Monday, July 11, 2011
A Real Bridge to Nowhere
During the 2008 election, vice-presidential candidate Sarah Palin was pilloried by the media for her initial support of the $400 million “bridge to nowhere” that would have been funded with federal taxpayer dollars. However, this is nothing compared to the vastness of the mounting debt crisis. A few hundred million dollars is laughable compared to a national debt that is measured in tens or even hundreds of trillions.
While discussing the national debt limit with a friend, he compared the looming debt limit to a car that is low on gas. He argued that just as you would not slam on the brakes when you realize that you need to stop for gas in 20 miles, politicians should not treat the debt limit as a crisis. This is a useful metaphor, and perhaps it has some validity, but even if the debt limit is raised, our nation will still be in dire straits.
Yes, the car of state, as it were, is low on gas. However, this is a better analogy for the problems of the private sector economy. Businesses in this country are burdened by a combination of too much uncertainty in all the wrong places plus plenty of bad certainty about over-regulation and excessive taxation. As a result, the economy is sputtering and we are on the verge of an even deeper double-dip recession.
However, the car of state is also being pushed by the government towards a bridge that has not yet been fully built. As in the climactic scene from “Back to the Future III,” we have already passed the point of no return, but unlike the movie, there is no such thing as time travel. The debt problem is not going to go away by itself. Instead of gliding gracefully across a bridge to the future, we are racing towards a bridge to nowhere.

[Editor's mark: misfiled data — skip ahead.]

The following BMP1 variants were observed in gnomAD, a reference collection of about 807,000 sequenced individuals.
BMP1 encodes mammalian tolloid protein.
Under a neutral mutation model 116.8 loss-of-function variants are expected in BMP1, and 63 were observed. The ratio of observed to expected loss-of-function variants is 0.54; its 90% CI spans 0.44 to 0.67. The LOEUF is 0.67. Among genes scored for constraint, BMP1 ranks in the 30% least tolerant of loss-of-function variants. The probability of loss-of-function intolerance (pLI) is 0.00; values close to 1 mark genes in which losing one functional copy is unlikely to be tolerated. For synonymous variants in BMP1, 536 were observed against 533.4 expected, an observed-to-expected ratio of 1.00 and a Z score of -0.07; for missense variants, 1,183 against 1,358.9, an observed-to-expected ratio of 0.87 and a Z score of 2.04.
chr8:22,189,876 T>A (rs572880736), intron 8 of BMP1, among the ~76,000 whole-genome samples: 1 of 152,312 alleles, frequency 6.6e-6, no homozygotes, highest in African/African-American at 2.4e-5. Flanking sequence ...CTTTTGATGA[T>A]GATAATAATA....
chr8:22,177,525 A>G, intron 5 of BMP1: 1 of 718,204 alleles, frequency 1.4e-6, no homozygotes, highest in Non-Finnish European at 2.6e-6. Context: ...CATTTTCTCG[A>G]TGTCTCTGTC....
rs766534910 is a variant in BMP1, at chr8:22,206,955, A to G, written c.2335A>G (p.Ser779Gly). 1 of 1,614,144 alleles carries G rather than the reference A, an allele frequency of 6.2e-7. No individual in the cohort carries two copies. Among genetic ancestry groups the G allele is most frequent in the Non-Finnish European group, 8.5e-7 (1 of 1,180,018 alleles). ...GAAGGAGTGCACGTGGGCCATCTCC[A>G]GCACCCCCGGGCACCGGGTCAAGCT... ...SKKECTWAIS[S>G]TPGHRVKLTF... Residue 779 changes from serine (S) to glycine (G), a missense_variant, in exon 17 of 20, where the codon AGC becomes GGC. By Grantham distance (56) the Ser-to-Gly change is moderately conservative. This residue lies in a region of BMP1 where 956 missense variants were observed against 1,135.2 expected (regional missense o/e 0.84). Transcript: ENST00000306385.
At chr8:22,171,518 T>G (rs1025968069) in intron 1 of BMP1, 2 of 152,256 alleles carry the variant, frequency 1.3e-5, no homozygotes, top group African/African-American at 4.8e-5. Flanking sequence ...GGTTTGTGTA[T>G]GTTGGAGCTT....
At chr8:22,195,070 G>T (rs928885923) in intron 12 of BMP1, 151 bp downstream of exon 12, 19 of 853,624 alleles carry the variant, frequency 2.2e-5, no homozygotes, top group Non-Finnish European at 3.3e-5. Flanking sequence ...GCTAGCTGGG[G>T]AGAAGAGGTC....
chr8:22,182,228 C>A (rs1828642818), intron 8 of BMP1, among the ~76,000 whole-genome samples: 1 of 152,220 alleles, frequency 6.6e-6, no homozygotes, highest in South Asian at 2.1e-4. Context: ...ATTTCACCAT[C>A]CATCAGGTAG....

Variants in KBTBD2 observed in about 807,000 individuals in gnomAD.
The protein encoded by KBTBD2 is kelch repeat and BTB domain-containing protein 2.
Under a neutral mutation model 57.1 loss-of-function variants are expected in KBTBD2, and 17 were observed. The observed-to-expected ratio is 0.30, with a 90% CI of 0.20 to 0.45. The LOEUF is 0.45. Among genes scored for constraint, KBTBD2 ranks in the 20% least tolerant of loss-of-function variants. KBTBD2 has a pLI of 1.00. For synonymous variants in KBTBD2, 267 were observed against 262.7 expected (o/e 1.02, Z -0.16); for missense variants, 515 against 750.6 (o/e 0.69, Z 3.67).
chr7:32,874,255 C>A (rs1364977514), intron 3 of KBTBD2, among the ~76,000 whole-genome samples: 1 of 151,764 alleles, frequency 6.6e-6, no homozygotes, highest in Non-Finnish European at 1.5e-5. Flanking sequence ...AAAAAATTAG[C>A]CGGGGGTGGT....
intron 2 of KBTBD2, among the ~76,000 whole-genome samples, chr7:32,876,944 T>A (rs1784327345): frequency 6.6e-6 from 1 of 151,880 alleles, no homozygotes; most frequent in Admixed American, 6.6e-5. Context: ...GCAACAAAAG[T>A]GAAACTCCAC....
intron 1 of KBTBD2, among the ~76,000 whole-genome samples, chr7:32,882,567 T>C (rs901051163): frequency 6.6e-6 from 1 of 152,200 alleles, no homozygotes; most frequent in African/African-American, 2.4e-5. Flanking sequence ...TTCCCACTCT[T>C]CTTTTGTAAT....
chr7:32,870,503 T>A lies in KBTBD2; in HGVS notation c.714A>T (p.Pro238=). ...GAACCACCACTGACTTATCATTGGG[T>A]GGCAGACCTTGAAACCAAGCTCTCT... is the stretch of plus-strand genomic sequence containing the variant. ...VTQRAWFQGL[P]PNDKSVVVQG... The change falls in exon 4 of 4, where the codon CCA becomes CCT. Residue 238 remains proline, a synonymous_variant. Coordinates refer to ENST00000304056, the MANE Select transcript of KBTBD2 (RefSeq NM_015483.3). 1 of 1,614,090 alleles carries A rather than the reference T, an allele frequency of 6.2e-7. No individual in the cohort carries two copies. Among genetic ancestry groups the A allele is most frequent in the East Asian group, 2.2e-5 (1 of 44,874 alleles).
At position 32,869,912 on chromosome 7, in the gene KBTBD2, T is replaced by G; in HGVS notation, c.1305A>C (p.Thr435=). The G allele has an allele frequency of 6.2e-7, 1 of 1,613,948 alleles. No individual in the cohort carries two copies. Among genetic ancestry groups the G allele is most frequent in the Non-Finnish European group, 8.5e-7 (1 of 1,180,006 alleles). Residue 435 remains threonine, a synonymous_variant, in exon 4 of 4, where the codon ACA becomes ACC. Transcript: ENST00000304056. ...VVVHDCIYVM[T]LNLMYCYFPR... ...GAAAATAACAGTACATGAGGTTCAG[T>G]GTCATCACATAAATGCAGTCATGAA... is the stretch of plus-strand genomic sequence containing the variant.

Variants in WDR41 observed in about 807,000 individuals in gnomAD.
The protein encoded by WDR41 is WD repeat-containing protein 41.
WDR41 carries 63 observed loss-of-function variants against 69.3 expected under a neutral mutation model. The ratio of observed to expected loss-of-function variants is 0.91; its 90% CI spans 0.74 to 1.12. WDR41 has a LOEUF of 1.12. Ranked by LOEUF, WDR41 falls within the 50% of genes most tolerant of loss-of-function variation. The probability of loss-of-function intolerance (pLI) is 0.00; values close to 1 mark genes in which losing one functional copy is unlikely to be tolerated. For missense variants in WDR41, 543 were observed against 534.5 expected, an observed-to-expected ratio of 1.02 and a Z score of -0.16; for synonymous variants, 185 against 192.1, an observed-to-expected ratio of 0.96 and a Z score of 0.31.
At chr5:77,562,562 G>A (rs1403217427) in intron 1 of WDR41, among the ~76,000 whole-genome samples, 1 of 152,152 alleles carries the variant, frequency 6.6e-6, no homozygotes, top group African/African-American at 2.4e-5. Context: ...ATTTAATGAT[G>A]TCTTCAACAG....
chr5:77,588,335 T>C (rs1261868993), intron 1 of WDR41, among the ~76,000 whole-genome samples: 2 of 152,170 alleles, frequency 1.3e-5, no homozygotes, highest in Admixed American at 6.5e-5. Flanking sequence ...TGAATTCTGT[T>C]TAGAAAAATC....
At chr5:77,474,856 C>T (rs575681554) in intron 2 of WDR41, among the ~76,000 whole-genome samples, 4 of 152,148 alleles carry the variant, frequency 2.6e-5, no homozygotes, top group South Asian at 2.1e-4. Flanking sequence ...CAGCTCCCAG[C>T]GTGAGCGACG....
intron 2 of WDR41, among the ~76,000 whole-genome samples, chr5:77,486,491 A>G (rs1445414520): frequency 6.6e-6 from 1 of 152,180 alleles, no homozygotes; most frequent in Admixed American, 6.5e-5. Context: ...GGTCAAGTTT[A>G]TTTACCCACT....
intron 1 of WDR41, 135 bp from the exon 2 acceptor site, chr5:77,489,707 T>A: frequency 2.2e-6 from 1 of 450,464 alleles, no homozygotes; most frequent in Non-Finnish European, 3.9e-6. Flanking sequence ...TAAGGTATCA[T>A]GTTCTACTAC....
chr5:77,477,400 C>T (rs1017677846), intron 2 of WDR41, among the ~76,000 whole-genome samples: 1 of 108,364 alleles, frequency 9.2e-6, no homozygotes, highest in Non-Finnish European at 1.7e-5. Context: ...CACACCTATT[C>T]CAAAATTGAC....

As of today, the official national debt is hovering around $14.3 trillion, or about 98% of gross domestic product. Meanwhile, the balance sheet for Social Security, Medicare, and Medicaid contains about $115 trillion in red ink, or roughly eight times the current gross domestic product. Even if the government confiscated 100% of all income, assets, and property from every man, woman, and child in the nation, we still wouldn’t have enough to cover our current obligations.
As the deadline for a deal to raise the debt limit nears, the Obama Administration is asking Republicans to balance cuts in spending with tax increases, but increasing the debt limit and cutting spending will accomplish nothing unless politicians have the courage to reform the choking burden of entitlement spending.
Unlike the movie, it doesn’t make any difference if we go over the economic cliff at the magic Hollywood time-travel speed of 88 miles per hour or 5 miles per hour--the end result will be the same. If we are to avoid national bankruptcy, we don’t just need to slam on the brakes; we need to throw the engine into reverse. Current proposals call for cutting between $2 and $4 trillion from spending over the next decade, but unless politicians can add a few zeroes to those figures, we are only delaying the inevitable catastrophe.